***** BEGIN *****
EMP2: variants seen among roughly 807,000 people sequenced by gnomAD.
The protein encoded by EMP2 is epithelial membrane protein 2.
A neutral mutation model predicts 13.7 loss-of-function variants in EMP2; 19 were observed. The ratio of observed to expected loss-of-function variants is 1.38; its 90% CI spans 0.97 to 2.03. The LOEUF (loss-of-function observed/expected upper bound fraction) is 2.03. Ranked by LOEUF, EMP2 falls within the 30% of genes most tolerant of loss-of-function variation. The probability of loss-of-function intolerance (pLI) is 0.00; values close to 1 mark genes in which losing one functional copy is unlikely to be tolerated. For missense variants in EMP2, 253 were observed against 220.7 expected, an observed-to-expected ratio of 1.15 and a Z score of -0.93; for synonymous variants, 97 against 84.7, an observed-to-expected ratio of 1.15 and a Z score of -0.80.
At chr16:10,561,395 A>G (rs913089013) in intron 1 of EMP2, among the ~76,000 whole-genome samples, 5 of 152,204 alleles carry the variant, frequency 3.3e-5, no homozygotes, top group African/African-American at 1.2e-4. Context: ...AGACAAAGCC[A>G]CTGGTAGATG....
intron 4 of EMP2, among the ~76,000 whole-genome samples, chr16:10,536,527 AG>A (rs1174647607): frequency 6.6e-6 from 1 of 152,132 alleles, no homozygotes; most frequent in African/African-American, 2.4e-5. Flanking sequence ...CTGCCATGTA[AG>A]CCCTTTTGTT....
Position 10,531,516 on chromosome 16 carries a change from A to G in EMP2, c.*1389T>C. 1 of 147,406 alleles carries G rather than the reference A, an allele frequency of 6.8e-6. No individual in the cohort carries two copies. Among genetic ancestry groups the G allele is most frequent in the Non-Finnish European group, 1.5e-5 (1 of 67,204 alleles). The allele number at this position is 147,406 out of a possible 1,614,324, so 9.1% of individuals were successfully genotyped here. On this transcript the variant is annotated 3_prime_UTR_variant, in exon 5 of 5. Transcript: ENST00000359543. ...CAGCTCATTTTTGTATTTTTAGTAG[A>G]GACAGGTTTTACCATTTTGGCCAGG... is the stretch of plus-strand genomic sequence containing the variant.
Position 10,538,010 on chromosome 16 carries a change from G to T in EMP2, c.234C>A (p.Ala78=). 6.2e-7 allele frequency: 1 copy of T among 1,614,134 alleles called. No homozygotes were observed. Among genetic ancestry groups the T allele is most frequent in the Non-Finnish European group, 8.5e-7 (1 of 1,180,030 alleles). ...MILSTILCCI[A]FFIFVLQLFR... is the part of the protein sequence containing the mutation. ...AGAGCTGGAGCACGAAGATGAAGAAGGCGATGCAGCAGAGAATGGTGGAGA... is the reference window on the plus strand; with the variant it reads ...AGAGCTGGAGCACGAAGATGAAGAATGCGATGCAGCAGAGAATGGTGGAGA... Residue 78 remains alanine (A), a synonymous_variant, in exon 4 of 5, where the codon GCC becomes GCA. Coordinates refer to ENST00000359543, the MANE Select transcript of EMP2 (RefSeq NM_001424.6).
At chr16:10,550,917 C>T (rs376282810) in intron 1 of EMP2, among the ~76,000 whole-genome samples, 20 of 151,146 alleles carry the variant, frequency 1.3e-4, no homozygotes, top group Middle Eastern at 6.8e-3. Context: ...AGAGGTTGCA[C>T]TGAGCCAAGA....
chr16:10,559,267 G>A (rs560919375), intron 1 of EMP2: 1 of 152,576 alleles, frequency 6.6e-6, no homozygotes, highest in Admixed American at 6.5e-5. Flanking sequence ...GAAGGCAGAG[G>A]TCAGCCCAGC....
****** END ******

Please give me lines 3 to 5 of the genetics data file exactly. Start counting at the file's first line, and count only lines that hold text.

A neutral mutation model predicts 13.7 loss-of-function variants in EMP2; 19 were observed. The ratio of observed to expected loss-of-function variants is 1.38; its 90% CI spans 0.97 to 2.03. The LOEUF (loss-of-function observed/expected upper bound fraction) is 2.03. Ranked by LOEUF, EMP2 falls within the 30% of genes most tolerant of loss-of-function variation. The probability of loss-of-function intolerance (pLI) is 0.00; values close to 1 mark genes in which losing one functional copy is unlikely to be tolerated. For missense variants in EMP2, 253 were observed against 220.7 expected, an observed-to-expected ratio of 1.15 and a Z score of -0.93; for synonymous variants, 97 against 84.7, an observed-to-expected ratio of 1.15 and a Z score of -0.80.
At chr16:10,561,395 A>G (rs913089013) in intron 1 of EMP2, among the ~76,000 whole-genome samples, 5 of 152,204 alleles carry the variant, frequency 3.3e-5, no homozygotes, top group African/African-American at 1.2e-4. Context: ...AGACAAAGCC[A>G]CTGGTAGATG....
intron 4 of EMP2, among the ~76,000 whole-genome samples, chr16:10,536,527 AG>A (rs1174647607): frequency 6.6e-6 from 1 of 152,132 alleles, no homozygotes; most frequent in African/African-American, 2.4e-5. Flanking sequence ...CTGCCATGTA[AG>A]CCCTTTTGTT....